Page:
This came in about an hour ago:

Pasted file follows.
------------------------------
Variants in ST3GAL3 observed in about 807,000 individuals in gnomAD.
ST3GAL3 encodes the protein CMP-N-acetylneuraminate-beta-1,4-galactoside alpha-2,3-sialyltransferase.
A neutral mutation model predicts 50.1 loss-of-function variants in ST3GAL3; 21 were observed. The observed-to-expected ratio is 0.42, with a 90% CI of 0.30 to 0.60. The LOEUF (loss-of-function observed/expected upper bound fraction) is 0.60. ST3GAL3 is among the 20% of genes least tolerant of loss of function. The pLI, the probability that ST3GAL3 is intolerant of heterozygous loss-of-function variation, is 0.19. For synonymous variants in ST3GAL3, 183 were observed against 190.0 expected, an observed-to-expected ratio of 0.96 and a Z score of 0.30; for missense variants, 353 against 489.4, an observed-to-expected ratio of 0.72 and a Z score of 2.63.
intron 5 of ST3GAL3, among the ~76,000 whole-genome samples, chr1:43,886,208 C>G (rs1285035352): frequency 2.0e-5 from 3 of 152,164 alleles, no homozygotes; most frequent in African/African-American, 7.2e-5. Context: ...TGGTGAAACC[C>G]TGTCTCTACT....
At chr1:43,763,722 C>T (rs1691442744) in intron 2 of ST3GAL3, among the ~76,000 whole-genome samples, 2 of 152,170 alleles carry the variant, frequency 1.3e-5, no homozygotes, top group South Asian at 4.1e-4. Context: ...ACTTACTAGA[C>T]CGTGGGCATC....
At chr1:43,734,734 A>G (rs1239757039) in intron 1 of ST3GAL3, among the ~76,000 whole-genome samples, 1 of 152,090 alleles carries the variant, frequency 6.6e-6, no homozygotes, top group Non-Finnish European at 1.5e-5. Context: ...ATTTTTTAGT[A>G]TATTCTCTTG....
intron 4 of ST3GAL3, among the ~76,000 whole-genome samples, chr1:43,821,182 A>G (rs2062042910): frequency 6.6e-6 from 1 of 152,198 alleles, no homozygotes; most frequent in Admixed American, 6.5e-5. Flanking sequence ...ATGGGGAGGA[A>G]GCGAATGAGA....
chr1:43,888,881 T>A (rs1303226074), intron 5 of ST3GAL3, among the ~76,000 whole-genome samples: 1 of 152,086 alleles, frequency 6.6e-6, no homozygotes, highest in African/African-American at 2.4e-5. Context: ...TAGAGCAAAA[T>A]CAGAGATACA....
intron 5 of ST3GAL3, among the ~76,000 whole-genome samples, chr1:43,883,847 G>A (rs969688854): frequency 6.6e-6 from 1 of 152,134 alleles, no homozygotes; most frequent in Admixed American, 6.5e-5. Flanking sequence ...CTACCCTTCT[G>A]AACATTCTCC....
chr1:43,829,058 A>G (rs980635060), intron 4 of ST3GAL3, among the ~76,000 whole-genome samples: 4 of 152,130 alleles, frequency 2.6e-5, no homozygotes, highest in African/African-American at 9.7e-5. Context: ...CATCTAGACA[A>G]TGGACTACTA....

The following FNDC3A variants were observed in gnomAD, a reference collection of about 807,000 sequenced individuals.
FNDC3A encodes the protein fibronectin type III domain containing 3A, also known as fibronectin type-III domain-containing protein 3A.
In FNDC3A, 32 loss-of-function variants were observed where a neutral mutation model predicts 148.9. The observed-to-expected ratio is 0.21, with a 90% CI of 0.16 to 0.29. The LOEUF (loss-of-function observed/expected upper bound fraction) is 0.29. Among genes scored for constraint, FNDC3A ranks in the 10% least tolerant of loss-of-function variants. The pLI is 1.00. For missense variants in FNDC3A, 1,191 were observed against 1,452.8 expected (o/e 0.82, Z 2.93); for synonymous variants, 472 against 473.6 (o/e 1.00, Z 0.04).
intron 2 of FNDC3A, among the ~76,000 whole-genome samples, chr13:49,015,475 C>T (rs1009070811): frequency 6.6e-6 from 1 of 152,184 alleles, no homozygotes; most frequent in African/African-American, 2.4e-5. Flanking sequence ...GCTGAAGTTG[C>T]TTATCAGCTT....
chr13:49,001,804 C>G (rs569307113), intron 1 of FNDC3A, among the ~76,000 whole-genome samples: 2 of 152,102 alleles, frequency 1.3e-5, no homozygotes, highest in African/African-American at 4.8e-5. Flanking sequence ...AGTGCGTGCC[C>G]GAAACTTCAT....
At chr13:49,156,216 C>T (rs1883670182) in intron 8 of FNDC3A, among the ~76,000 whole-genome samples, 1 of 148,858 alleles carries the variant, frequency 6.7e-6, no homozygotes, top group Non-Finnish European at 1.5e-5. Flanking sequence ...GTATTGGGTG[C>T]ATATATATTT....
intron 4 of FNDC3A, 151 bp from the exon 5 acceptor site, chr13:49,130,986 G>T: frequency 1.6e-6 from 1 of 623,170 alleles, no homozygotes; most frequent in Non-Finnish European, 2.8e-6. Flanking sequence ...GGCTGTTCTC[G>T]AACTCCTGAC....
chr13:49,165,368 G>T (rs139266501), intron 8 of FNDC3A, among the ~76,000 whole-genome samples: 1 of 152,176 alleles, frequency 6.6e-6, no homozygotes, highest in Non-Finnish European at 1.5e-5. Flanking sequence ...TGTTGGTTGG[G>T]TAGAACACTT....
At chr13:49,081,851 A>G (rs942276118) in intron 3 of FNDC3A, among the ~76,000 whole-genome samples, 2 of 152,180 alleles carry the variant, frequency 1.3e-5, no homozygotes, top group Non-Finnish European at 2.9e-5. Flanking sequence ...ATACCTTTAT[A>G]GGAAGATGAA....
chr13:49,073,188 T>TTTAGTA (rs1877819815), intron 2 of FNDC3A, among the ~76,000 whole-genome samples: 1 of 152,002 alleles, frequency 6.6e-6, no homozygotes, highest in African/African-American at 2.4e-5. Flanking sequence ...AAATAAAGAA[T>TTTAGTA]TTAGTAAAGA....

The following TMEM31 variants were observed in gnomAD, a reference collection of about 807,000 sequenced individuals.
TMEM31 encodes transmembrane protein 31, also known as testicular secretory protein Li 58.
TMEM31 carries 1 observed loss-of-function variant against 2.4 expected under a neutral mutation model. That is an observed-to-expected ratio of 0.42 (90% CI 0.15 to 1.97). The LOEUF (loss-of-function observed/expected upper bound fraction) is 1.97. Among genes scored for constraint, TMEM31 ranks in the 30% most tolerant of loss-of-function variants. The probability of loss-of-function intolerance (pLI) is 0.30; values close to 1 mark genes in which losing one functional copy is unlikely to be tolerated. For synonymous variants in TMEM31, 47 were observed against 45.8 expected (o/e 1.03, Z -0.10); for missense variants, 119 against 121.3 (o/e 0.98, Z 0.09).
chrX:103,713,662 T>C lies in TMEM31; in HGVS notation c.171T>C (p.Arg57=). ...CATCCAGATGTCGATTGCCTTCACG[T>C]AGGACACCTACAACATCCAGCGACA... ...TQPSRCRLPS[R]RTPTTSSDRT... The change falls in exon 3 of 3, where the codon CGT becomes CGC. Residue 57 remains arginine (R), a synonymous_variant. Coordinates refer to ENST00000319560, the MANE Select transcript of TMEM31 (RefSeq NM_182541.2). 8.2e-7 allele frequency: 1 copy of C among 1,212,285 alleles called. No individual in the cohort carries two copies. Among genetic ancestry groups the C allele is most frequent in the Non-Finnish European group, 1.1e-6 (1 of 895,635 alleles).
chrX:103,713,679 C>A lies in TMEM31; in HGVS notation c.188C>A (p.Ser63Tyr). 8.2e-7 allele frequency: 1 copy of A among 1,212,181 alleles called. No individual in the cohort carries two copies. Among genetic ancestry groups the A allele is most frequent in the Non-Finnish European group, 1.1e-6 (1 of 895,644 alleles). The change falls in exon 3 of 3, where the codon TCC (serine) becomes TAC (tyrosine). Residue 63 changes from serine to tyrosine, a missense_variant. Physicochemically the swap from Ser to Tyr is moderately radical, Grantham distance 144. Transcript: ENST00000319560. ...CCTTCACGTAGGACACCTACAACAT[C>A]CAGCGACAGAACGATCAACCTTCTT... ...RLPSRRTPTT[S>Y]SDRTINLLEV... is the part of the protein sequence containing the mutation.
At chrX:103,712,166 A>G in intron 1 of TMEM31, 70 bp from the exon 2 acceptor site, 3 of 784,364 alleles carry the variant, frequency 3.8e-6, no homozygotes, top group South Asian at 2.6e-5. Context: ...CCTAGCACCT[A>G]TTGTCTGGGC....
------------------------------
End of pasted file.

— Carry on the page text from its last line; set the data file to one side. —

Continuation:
Sheheen Kicks Off “Back on Track” TourState Senator will discuss ideas for moving South Carolina forward and his new book “The Right Way” in three-week statewide tourRock Hill, SC. – Today, state Sen. Vincent Sheheen kicks off the Palmetto State “Back on Track” tour at Sun City in Rock Hill to rollout his new book “The Right Way” and discuss his ideas for how to move South Carolina forward with local residents and leaders around the state.“This short book is not meant to propose solutions to all of our state’s problems. It’s a revolt against the status quo. This book proposes ideas for us to consider and debate to try to get our state back on the right footing and shed the inanities of the past few years,” said Sen. Vincent Sheheen. “More than anything, this book of ideas is an attempt to promote more rational political discussion and policy making. Ultimately, we will still need committed citizens and leadership on many fronts to make it so. I look forward to meeting these leaders in the coming weeks and discussing how we will all move forward together.”The Back on Track Tour will run from March 11th through March 30th holding lectures at universities, listening sessions with local families and leaders, and press conferences and discussions with media about the vision laid out in his book for creating jobs, improving education, restructuring the government, and creating a more prosperous future for the people and businesses of the Palmetto state. The tour kicks off today at noon in Rock Hill, before making stops in Conway, Myrtle Beach, Florence, Columbia, Aiken, Charleston, Fairfield, Beaufort, Greenville, and Spartanburg throughout the next three weeks.Sen. Sheheen’s book is free and available online here, or as a hard copy at each of the event stops on the Back on Track tour.Below is a selection of key quotes from Sen. Sheheen’s book, “The Right Way: Getting the Palmetto State Back on Track.”We must do better for South Carolina… the right way“This book is not about me. It’s about our South Carolina—a South Carolina we know can exist if we join together in a common vision with leaders who actually care about our state. We are better than what our government has looked like in recent history. We have been better before. We deserve better now. It’s up to us to engage and change. We must do it again…the right way.” — p. 110“Somehow, however, we have let the naysayers gain the upper hand over the last couple of decades in South Carolina. You know who I am talking about—the people who tell us what we can’t do instead of what we can do. These are folks who believe nothing will ever get better and that things just are what they are. I am not one of these people. I do not believe that the South Carolina I know is made up of people like that either. From Camden to Charleston, Aiken to Horry and Due West to Denmark, the people I know and meet in South Carolina believe we can do better than what we have experienced in South Carolina’s recent government. In fact, we must.” — p. 108“But we also need more than just ideas. We need ACTION—action that turns the status quo of the negativists on their heads. It is almost too late. But together, we still have time. If we don’t quickly get South Carolina moving again, our children and grandchildren will pay the price for decades to come.” — p. 109Total change needed“We have suffered embarrassment after embarrassment caused by our leaders’ unethical behavior and boneheaded statements and we have become the butt of late night television jokes all too frequently. This downward spiral in our government should surprise no one. Why? Because we have elected leaders who proclaim a belief that government is always part of the problem. Once elected, they prove their theory correct by making our state’s government a dysfunctional embarrassment that is incapable of efficiently meeting the demands of core government functions.” — pp. 1-2“Future success for South Carolina’s workers—as well as the entire state—requires more education, not less. Unfortunately, South Carolina’s recent leaders don’t have a good record in making smart investments in education to ensure that our children will have the training they need to get the better-paying jobs of the future. I believe it’s time we turn that abysmal record on its head. Simply put: How can the students of today expect to hold the jobs of tomorrow if they don’t have enough knowledge? — p. 8“Accountability in South Carolina’s government has been missing for more than a decade. In the end, a government can be successful and accountable regardless of deficiencies in its structure if it has strong, responsible and effective leaders. However in South Carolina, a combination of ineffective leaders and confusing structure has led to our government being ranked one of the most dysfunctional and unaccountable in the nation.” — p. 27“I am not opposed to healing our government incrementally. I am, however, skeptical that our current leaders will finish the job with that approach. I believe that when a government has reached such a level of dysfunction and disintegration as South Carolina’s, it is time to return the power to the people.” — p. 48“Through weak leadership in recent times and a governmental system confusing to virtually everyone, South Carolina’s government has arrived at a low point. We have a choice: To continue with the same poor leadership and same poor system, or break with the past and make dramatic change. We can’t afford to wait on current crop of political leaders to make the changes our state needs and deserves. We must take things into our own hands and force change. Either through incremental or dramatic change, we must alter the trajectory of South Carolina’s future. My children and yours deserve our best efforts.” — p. 50Forward, to a path to prosperity“One of the greatest obstacles to robust economic growth in South Carolina is our state’s broken and dysfunctional tax system. Furthermore, a special-interest-controlled tax code means that general taxpayers will end up with fewer core services that they say they want. Sure, in good times of budget surpluses, politicians will spread the wealth to make all appear rosy. But all they’ll be doing is bandaging a broken system, which will unravel once again when they cut what they recently added during downturns. It’s a seesaw system of government that leaves us all up in the air.” — p. 54“The goal of tax reform should not be to raise taxes. To achieve true economic success, our state must reform how it taxes goods so that it can reduce the rate for everyone. That’s something we should all be for.” — p. 67“Like most South Carolinians, I believe in hard work. I believe we should expect everyone who is physically able to have a job. I don’t believe in handouts. But I also expect that our state government will do all it can to ensure that opportunities exist for our citizens to find a job. It’s in all of our interests for the state to provide a hand-up in the form of job training, economic development, good education and support for small businesses.” — p. 85“What is excluded from most local economic development offices’ services is support to startup companies and entrepreneurs. This reflects, in part, a lack of expertise in the area but also recognition that the failure rate of these types of companies is high. A handful of groups around the state provide services to startups and entrepreneurs, but they are the exception rather than the rule. The S.C. Department of Commerce has a department that provides access to resources for small businesses, but there is little affirmative effort by the state to assist small business.” — p. 98“Our state needs a multipronged approach to saving our rural areas and small towns. Failure to meet this challenge will doom many communities to a low standard of living and even non-existence. North Carolina has met this challenge head-on and invested heavily in the strategies and infrastructure for its rural areas. We should do the same.” — p. 102“Our leaders are pricing the middle class out of a college education. The alternative has become hundreds of thousands of dollars of debt incurred by our future workforce. This is a dumb policy. We should dedicate a decent portion of future budget growth to stabilizing college tuition. And when the state funds higher education in a reasonable manner, colleges and universities should be required to keep tuition increases low.” — p. 106###